Old English scamu, sceomu "feeling of guilt or disgrace; confusion caused by shame; disgrace, dishonor, insult, loss of esteem or reputation; shameful circumstance, what brings disgrace; modesty; private parts," from Proto-Germanic *skamo (source also of Old Saxon skama, Old Norse skömm, Swedish skam, Old Frisian scome, Dutch schaamte, Old High German scama, German Scham). The best guess is that this is from PIE *skem-, from *kem- "to cover" (covering oneself being a common expression of shame).

Until modern times English had a productive duplicate form in shand. An Old Norse word for it was kinnroði, literally "cheek-redness," hence, "blush of shame." Greek distinguished shame in the bad sense of "disgrace, dishonor" (aiskhyne) from shame in the good sense of "modesty, bashfulness" (aidos). To put (someone or something) to shame is mid-13c. Shame culture attested by 1947.

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humility (n.)
Origin and meaning of humility
early 14c., "quality of being humble," from Old French umelite "humility, modesty, sweetness" (Modern French humilité), from Latin humilitatem (nominative humilitas) "lowness, small stature; insignificance; baseness, littleness of mind," in Church Latin "meekness," from humilis "lowly, humble," literally "on the ground," from humus "earth," from PIE root *dhghem- "earth." In the Mercian hymns, Latin humilitatem is glossed by Old English eaðmodnisse.
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mauvais 

in French terms in English, "false, worthless," from French mauvais (fem. mauvaise) "bad," 12c., from Vulgar Latin *malifatius, literally "one who has a bad lot," from Latin malum "bad" (see mal-) + fatum "fate" (see fate (n.)). Among the borrowed expressions in which it figures are mauvaise honte "false modesty" (in English by 1721); mauvais sujet "a bad fellow, a 'hard case'" (1793); mauvais quart d'heure "brief but unpleasant experience" (1864).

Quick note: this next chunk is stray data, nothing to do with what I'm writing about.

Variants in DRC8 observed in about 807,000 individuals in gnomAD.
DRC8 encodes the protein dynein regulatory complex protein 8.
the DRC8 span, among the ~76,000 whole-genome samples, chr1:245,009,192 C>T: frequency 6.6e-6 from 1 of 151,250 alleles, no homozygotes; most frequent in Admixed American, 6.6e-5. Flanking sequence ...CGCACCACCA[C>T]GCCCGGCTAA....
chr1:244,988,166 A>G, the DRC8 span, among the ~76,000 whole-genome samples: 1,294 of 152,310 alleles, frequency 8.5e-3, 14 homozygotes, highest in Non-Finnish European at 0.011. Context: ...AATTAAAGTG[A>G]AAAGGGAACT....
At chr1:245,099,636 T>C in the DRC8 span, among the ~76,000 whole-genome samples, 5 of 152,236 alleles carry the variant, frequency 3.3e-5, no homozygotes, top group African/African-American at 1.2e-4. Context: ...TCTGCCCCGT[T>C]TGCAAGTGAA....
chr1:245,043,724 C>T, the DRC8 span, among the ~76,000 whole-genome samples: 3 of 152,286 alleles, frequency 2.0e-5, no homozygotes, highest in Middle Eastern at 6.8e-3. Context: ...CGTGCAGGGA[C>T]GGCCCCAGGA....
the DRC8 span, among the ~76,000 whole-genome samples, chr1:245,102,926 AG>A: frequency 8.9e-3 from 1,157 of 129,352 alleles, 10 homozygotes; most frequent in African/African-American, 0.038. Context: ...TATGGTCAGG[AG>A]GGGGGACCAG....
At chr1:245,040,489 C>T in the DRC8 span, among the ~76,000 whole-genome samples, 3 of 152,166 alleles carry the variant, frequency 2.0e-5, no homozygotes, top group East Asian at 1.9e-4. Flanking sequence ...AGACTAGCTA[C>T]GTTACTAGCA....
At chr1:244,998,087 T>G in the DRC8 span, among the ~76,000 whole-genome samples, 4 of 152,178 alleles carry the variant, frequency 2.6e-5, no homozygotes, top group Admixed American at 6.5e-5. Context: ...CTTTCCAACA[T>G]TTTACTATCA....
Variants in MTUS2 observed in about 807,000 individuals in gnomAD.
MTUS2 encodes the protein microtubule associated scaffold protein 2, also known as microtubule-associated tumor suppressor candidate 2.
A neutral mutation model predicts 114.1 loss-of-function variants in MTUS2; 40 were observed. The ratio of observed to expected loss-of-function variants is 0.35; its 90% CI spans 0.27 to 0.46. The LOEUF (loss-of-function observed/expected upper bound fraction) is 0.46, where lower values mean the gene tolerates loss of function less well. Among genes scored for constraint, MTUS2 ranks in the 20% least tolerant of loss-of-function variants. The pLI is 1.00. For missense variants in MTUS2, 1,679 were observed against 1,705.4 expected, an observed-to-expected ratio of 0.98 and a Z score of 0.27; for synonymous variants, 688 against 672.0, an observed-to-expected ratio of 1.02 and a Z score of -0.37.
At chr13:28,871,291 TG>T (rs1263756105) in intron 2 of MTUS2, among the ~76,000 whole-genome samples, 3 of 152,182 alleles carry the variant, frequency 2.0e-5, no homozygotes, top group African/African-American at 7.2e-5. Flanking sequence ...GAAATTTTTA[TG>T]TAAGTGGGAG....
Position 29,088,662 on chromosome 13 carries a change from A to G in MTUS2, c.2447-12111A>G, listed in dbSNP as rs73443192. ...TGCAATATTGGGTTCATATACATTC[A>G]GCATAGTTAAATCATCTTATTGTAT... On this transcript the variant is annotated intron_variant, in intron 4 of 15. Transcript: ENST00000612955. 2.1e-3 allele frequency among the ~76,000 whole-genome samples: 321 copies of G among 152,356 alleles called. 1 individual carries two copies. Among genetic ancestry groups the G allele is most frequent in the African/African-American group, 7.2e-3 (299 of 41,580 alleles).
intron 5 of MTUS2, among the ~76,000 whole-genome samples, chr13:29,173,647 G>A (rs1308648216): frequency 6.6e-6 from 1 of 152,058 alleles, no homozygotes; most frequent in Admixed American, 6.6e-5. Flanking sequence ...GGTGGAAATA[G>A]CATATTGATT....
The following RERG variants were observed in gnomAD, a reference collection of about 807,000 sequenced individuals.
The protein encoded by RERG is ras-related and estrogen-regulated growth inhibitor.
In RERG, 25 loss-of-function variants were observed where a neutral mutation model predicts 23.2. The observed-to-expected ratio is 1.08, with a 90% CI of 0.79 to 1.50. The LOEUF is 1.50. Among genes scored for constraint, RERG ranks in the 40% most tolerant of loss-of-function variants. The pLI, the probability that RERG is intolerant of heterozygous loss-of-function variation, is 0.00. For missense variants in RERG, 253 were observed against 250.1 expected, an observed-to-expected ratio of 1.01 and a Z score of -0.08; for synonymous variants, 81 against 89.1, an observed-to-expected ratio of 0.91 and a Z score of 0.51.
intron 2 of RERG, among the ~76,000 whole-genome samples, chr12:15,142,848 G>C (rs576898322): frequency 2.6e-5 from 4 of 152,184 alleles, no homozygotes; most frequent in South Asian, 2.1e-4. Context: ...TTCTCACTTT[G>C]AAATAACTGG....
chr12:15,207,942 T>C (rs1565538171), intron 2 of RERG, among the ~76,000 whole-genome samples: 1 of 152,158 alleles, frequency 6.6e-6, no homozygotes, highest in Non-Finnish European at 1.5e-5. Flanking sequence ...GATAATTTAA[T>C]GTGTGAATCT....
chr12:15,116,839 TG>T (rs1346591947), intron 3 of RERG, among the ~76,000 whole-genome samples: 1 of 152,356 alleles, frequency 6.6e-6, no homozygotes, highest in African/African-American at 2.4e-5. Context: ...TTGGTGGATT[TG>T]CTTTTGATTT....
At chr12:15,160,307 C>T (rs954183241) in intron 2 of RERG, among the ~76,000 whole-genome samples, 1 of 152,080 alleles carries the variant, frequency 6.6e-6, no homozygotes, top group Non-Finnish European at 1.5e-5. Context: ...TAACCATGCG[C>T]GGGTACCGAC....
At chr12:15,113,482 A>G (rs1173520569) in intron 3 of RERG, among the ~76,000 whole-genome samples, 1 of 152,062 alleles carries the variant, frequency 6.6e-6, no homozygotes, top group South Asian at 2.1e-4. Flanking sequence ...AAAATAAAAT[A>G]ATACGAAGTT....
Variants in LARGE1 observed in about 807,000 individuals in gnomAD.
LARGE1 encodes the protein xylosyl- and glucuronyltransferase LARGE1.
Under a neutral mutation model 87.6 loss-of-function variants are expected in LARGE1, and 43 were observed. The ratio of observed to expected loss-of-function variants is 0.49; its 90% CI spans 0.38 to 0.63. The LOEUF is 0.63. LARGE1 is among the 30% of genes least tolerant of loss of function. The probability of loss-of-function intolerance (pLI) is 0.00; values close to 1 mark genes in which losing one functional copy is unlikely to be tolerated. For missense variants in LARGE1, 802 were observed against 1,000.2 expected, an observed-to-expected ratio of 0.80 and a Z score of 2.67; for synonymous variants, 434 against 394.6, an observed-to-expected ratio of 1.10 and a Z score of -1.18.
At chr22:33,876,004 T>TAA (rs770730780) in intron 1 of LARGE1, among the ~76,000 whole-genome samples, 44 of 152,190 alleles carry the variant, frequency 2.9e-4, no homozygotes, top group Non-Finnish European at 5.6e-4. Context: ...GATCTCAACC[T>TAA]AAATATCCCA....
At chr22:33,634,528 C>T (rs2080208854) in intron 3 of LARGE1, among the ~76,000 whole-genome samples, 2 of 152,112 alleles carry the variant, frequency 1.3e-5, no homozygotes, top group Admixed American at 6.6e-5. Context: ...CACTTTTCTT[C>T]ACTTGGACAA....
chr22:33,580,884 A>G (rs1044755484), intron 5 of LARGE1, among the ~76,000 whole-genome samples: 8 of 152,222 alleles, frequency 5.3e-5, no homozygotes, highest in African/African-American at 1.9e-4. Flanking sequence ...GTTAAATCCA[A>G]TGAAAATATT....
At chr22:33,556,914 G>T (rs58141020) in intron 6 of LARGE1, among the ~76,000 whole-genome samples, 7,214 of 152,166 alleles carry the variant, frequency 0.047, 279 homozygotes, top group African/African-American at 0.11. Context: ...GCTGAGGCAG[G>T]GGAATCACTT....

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petticoat (n.)

early 15c., petycote, "men's short, tight-fitting coat," literally "a small coat," from petty + coat (n.). Originally a padded coat worn by men under armor, applied mid-15c. to a garment worn by women and young children. By 1590s, the typical feminine garment, hence a symbol of female sex or character and, colloquially, "a woman," as in petticoat government "rule or predominance of women in a home" (1702).

Men declare that the petticoatless female has unsexed herself and has left her modesty behind. [Godey's Magazine, April 1896]
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shamefaced (adj.)

"modest, bashful," 1550s, folk etymology alteration of shamefast, from Old English scamfæst "bashful," literally "restrained by shame," or else "firm in modesty," from shame (n.) + -fæst, adjectival suffix (see fast (adj.)). Related: Shamefacedly; shamefacedness.

shamefaced, -fast. It is true that the second is the original form, that -faced is due to a mistake, & that the notion attached to the word is necessarily affected in some slight degree by the change. But those who, in the flush of this discovery, would revert to -fast in ordinary use are rightly rewarded with the name of pedants .... [Fowler]